Image from 1916 Suffolk Chronicle and Mercury newspaper.
Images and additional information courtesy of Nicola
Born: 1887, Ipswich.
Died: 29th September 1916; age: 29; KiA.
Residence: 33, Handford Cut, Ipswich.
Employed: a Moulder for Messrs. Cocksedge – Foundry
Enlistment Location: Ipswich. Volunteered into Kitchener’s Army at the end of August 1914.
Date of Entry Therein: 25th July 1915 – France.
Rank: Sergeant; Service Number: 13361
Regiment: Suffolk Regiment, 8th Battalion.
Medals Awarded: Victory, British War & 1915 Star.
Pier & Face 1C & 2A.
1891 Railway Cottages, Wherstead Road, Ipswich.
Charles was 3 years old and living with his widowed mother & sisters.
Ellen Smith, 42, a Laundress, born Shotisham, Suffolk.
Rose Lily Smith, 12, born Ipswich.
Ivy Georgina Smith, 9, born Ipswich.
1901 2, Railway Cottages, Wherstead Road, Ipswich.
Charles was 14 years old, an Errand Boy. He was living with his mother.
Ellen, 55, a Laundress.
1911 70, Handford Road, Ipswich.
Charles was 24 years old, a Sheeter – Great Eastern Railway. He was married and Head of the Household.
In 1908, Ipswich, Charles married Ada Brooks, born 1887, Ipswich.
They had 5 children:
Rose Elsie Smith, born September 1908, Ipswich.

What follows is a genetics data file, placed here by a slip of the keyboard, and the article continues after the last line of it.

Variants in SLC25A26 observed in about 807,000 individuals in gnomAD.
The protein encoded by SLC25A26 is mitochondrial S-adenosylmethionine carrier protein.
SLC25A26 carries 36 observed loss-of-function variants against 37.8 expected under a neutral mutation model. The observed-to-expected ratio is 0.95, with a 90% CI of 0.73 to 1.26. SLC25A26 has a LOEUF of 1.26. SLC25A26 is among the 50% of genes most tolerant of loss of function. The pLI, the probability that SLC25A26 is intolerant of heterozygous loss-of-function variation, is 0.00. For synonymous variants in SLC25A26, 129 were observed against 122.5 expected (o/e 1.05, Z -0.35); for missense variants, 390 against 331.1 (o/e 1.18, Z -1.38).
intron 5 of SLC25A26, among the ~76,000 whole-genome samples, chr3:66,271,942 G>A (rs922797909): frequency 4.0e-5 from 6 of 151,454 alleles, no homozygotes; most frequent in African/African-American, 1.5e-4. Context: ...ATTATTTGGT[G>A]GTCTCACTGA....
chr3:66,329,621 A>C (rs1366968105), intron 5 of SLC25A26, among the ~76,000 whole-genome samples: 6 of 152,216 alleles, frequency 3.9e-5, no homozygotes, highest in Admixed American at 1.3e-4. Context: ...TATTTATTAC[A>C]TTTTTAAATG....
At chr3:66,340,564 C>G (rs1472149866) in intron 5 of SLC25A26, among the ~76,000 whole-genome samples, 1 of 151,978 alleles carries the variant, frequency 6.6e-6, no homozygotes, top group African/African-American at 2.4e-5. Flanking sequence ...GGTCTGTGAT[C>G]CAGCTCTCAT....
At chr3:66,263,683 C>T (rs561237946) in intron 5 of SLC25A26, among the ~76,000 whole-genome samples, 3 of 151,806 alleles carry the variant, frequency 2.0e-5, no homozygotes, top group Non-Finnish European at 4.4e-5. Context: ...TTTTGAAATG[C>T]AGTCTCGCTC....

Frederick Charles Smith, born October 1909, Ipswich.
Ivy Lilian Smith, born December 1911, Ipswich.
Jessie May Smith, born June 1913, Ipswich.
Arthur Basilique Smith, born December 1915, Ipswich.
Ivy, Frederick, Rose, Ada
Charles’s father was Henry Smith, born 1845, Wangford, Suffolk – died 1889, Ipswich. He was a Sawer & Joiner.
Soldeirs’ Effects to Ada Smith – widow.
Suffolk Regiment, 8th Battalion
Following detailed training for the up and coming attack, the 8th Battalion of the Suffolk Regiment moved up to the lines south of Thiepval on the 24th September 1916. The ground and way forward had been prepared for the attack on the 26th by the 11th Corps. The 8th Battalion were to be in the forefront of the attack with the 10th Battalion of the Essex Regiment on their left. The advance started at 12.35p.m. the with three objectives. As the men followed the heavy barrage ahead of them two of the three objectives were taken with large number of prisoners and equipment captured from “Joseph trench” and “Zollern trenches”. The third objectives were the “Medway trench” which was connected to the “Schwaben redoubt” A desperate fight then started, which up to this point there had been very few casualties. The leading men had pushed a farther 250 yards taking heavy machine gun fire from both flanks, in the direction of Medway and Bulgar trench. The forward men were forced to dig in, taking a number of casualties hanging on until 6.30p.m. The following day the consolidation of captured trenches continued. On the 28th at 1.00p.m. the attack was resumed on a section of the “Schwaben redoubt” the defenders were stubborn with the battalion taking heavy casualties. The next evening of the 29th the Battalion was relieved, taking over 200 casualties in the attack. The Battalion was thanked by the Commander in chief, in their part in the battle for Thiepval.